There are similar stories from my mother's side of the family about gold being used by her Lakota ancestors to buy guns from unscrupulous whites in order to defend their lands.

Even today in the Arab culture (and other middle-eastern societies), jewelry is used to quietly move wealth across international boundaries (and has been used in this way for over a thousand years), and to finance terrorism . . . as jewlery can't be tracked like bank transfers and money wires. Even in the USA, if the IRS comes to your house to seize your assets, it's my understanding that they can't take jewelry that you're actually wearing at the moment . . . even if you look like a walking Christmas tree.

If we take these points into consideration, then I believe that gold and silver may be more important than we give it credit for.
 
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I agree 100% that gold and/or silver has little intrinsic value post SHTF, and--given a choice between canned food or a stash of silver coins if I was stranded on a desert island--I would, of course, opt for the canned food.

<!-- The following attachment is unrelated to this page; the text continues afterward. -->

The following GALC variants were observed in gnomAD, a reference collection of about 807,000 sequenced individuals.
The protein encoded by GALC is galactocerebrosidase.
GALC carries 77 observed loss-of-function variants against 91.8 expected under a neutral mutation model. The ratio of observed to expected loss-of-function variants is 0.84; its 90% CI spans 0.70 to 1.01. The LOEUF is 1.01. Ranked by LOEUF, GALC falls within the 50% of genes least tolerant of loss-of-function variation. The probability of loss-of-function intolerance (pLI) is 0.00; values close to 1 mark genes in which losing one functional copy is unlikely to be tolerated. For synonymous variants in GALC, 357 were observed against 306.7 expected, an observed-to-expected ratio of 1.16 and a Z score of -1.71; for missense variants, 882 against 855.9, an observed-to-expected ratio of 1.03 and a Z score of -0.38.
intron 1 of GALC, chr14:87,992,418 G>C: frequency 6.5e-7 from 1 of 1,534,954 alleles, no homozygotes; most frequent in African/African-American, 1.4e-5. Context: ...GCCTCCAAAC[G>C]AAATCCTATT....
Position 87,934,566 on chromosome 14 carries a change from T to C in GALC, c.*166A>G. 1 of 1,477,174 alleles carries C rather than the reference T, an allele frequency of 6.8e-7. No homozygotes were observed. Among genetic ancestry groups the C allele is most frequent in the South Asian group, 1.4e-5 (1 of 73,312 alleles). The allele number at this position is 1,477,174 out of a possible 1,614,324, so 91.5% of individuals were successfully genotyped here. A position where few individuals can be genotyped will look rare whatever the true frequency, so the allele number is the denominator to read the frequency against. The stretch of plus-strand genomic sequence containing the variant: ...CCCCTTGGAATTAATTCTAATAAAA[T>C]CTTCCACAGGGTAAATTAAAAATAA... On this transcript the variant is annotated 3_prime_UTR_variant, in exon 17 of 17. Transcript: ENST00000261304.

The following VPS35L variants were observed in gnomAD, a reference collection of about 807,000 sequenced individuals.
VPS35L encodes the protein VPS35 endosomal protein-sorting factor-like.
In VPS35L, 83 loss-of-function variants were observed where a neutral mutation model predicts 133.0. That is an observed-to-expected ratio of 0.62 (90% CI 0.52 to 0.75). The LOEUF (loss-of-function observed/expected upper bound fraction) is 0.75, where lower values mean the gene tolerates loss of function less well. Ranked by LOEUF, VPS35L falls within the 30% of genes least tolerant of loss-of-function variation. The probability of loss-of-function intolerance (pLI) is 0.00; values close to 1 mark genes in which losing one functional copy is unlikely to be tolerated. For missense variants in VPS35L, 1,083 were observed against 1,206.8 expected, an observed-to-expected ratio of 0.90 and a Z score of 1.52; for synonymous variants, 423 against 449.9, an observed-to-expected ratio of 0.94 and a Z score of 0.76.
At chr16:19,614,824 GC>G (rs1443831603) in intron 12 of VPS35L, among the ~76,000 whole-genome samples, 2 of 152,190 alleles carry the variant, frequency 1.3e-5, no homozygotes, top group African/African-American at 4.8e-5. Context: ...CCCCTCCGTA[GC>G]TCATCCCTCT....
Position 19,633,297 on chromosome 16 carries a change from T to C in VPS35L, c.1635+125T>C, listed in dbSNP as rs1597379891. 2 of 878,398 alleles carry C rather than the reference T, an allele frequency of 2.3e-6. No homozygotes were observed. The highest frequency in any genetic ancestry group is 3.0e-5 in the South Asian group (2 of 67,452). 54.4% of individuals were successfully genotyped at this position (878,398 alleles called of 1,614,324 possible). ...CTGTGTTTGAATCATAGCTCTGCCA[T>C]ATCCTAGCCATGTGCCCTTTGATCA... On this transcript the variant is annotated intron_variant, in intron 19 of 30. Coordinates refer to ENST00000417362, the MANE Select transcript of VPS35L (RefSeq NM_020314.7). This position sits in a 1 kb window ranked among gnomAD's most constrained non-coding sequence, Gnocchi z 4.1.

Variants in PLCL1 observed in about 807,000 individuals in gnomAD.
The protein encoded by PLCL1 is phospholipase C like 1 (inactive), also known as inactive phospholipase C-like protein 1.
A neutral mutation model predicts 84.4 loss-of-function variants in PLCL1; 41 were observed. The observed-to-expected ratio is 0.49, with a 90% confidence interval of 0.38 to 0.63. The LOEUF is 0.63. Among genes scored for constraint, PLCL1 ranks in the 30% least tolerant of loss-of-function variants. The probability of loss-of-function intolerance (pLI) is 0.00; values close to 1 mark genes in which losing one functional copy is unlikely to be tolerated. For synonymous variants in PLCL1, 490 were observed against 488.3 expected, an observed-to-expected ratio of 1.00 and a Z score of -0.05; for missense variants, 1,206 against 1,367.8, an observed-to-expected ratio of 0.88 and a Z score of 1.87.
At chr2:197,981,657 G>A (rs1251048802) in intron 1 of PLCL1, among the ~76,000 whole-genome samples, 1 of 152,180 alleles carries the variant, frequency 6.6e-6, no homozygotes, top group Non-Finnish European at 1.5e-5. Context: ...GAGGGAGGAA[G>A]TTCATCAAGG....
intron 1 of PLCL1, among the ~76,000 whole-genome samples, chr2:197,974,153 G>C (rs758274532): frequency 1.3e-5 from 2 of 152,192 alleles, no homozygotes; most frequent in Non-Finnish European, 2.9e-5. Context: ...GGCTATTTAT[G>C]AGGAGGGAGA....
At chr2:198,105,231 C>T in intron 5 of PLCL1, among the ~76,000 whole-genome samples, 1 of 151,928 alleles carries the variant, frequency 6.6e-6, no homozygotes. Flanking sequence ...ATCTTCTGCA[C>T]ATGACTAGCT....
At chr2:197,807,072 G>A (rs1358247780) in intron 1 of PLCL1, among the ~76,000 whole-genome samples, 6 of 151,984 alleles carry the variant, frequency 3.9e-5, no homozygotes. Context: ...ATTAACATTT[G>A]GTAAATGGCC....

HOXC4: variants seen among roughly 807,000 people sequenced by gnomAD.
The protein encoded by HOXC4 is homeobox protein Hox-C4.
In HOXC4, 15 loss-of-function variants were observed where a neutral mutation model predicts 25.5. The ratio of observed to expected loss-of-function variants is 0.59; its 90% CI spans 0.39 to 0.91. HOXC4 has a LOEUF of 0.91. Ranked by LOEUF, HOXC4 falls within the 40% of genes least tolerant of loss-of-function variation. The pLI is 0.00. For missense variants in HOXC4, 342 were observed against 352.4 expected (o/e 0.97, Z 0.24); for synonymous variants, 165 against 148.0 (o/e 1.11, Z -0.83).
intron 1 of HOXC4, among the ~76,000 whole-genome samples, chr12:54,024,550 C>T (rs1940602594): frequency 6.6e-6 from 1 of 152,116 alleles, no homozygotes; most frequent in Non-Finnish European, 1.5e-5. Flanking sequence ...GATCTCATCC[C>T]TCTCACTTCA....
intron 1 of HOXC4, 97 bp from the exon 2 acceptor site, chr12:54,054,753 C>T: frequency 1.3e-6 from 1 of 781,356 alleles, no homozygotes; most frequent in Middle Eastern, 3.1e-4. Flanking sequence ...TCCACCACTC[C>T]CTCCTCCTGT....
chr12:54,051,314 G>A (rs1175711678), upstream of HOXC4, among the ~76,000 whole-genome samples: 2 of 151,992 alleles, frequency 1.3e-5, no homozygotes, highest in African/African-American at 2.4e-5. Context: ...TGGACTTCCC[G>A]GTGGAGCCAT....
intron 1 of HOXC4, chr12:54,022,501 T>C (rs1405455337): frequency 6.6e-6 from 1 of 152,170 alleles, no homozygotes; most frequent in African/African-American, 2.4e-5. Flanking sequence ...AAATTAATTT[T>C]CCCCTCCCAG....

Yet I find it very difficult to disregard history.

There are many stories passed down (from my father's side of the family) about Jewish relatives who escaped concentration camps, got to board boats, and traded for food and medicine with hoarded silver, gold, and precious stones.

There was even a story about a Jew who was turning in his fellow Jews to the S.S. in exchange for continued freedom and favors . . . so hoarded gold and silver was used to finance a hit on him, and to send a lesson to like-minded cowardly bottom feeders . . . as his body was, supposedly, quite mutilated in unpleasant ways.